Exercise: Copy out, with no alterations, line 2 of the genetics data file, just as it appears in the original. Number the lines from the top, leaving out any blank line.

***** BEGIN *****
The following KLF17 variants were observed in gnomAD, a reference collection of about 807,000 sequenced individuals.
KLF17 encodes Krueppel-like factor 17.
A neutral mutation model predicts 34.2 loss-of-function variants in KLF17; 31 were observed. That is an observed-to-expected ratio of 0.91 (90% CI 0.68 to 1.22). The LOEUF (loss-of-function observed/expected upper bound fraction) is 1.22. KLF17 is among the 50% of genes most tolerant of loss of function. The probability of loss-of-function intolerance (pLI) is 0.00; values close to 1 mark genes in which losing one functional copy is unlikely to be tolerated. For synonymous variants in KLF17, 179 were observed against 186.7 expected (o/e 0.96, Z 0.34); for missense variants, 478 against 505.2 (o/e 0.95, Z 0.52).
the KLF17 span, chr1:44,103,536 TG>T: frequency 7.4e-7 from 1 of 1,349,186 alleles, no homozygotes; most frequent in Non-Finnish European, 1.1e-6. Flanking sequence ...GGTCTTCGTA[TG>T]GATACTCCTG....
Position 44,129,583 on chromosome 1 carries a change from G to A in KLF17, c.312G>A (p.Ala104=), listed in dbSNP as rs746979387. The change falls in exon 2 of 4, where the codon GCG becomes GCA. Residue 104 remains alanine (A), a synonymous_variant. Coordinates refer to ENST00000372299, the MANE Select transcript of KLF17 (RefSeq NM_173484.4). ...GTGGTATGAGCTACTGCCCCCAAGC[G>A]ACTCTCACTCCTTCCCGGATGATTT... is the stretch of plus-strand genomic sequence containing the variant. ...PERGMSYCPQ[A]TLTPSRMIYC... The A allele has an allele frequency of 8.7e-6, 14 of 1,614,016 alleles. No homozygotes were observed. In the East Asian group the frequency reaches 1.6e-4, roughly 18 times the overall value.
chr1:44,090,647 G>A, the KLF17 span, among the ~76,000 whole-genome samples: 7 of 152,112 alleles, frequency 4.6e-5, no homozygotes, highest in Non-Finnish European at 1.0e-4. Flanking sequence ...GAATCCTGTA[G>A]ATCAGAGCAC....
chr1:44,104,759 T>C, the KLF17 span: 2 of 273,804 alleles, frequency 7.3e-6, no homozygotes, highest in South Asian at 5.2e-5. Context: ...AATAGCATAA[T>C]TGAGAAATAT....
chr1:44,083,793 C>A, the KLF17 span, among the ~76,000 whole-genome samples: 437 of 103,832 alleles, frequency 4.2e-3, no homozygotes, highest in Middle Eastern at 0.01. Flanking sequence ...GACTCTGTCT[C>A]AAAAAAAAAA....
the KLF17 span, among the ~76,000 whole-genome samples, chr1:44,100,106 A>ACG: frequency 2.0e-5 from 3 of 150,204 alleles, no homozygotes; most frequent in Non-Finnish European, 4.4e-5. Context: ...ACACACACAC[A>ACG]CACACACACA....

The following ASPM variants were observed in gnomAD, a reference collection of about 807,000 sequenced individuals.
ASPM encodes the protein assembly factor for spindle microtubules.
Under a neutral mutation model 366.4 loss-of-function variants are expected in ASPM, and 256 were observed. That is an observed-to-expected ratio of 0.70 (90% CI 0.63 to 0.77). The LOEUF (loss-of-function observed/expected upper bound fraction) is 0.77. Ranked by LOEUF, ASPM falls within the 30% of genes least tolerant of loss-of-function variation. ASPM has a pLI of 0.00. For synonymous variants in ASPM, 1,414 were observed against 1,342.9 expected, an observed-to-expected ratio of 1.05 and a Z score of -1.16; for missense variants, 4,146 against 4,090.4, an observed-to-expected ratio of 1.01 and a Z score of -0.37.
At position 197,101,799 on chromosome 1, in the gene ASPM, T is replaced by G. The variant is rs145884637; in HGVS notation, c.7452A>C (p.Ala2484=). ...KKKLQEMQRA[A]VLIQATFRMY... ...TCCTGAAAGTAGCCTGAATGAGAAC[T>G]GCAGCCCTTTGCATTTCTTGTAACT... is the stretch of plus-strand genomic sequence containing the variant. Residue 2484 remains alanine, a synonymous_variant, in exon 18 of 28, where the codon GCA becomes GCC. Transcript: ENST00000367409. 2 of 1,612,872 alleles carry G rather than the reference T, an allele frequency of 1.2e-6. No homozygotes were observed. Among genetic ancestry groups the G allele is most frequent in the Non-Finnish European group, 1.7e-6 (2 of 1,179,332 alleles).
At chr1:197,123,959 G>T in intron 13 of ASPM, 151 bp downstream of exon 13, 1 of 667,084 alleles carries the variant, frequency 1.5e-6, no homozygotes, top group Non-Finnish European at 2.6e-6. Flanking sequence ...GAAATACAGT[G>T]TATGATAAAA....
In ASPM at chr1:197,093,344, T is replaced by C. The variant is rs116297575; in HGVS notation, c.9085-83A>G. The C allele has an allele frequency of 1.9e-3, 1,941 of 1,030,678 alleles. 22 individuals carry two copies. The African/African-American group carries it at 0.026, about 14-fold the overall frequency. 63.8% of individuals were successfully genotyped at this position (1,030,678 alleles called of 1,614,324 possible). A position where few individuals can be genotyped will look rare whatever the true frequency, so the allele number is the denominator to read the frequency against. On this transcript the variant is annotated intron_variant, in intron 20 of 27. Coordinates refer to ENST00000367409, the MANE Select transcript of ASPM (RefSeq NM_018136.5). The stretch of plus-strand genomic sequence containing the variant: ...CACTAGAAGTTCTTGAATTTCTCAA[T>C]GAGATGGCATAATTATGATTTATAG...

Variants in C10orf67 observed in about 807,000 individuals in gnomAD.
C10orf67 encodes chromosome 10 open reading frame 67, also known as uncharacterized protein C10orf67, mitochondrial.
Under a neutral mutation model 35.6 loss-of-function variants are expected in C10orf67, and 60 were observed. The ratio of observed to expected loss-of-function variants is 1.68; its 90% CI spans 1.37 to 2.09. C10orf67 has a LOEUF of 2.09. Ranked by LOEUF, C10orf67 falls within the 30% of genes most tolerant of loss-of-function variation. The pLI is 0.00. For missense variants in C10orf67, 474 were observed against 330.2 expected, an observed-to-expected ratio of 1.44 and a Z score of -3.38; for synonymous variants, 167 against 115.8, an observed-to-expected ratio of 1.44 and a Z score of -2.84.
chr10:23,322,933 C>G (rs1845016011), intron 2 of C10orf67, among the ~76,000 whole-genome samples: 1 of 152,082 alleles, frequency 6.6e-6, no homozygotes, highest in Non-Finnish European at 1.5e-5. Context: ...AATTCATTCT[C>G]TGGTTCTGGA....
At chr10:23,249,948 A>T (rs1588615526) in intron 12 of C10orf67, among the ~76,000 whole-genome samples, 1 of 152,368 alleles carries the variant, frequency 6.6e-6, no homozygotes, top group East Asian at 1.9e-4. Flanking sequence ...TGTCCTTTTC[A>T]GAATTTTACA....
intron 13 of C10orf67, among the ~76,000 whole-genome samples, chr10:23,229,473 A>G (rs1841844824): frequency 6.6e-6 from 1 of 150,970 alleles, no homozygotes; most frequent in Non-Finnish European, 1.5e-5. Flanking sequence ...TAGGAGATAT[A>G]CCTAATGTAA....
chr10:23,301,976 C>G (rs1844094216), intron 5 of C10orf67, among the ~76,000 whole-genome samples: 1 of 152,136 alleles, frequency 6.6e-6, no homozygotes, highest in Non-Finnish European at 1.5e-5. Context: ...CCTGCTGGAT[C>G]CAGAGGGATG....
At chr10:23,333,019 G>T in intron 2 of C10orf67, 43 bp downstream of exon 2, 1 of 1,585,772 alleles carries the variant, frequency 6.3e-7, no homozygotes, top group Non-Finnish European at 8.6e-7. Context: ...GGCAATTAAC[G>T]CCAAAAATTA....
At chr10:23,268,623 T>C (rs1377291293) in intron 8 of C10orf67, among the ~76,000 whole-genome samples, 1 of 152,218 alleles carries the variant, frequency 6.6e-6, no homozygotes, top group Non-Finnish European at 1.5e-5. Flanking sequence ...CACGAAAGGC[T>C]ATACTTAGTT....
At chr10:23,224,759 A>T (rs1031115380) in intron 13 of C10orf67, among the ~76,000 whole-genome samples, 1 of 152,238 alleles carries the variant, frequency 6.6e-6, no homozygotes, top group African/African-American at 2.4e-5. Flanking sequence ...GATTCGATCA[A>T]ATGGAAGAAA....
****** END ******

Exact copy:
KLF17 encodes Krueppel-like factor 17.